Recycling Centres for Household Waste public opinion research


Background

Essex County Council (ECC) Recycling Centres for Household Waste (RCHWs) services have responded to a series of challenges over the years in a largely reactive manner. This has led to a service likely to have a level of inefficiency embedded within it as well as some duplication with other services provided by ECC and local district/borough councils. With contractual arrangements to operate the 21 sites (11 full-time and 10 part-time) nearing expiry provided ECC with an opportunity to reshape both the contracting model and the service provision itself. The research addressed the following areas:

  • What residents expect from a Recycling Centre service and how services could be improved;
  • Whether residents would be willing to pay for an enhanced service;
  • understanding why ECC residents did not use the RCHW service;
  • What information residents expect to receive from their county council on waste reduction and recycling issues and what waste campaigns residents were aware/not aware of;
  • which other local waste related issues residents were concerned about.

Methodology

To gather public opinions on the RCHW services provided, over 1,100 face-to-face surveys were completed across 8 RCHWs within Essex. In addition, 350 surveys were completed with non users through on street interviews in 5 town centres. To gather in-depth information from both users and non users 4 focus groups were held at local venues that were facilitated by M·E·L Research.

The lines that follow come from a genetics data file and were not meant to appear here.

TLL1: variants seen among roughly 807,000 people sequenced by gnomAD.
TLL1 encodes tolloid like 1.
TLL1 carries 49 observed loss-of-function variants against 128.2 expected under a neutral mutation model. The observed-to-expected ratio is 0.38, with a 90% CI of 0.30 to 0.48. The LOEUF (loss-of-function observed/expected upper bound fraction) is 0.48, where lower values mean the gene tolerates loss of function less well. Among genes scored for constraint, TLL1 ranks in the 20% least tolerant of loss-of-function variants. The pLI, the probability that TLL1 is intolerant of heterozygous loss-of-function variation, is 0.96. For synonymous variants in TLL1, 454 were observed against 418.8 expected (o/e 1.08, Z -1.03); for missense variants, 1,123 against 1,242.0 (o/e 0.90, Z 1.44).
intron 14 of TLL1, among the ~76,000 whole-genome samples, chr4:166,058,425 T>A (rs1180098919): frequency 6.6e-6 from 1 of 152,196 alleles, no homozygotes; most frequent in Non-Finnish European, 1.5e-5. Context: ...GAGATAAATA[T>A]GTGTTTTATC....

Outcomes

The priorities for users were that sites should be close to home (within 15 minutes), have friendly /helpful staff, clear signage and non restrictive opening times. The main reasons why residents did for not use sites were that they had no waste to take, partly due to good kerbside collections but also due to lack of awareness to use Bulky Waste Collections and lack of transport. This information helped to review the next RCHW contract to provide a more efficient service across Essex.

The research also tested recognition of a number of communications campaigns with the Home Composting campaign and the National Recycle Swoosh being most recognised. Residents provided a number of recommendations on how to improve the actual campaign message and where to present to increase awareness.

MRS Evidence Matters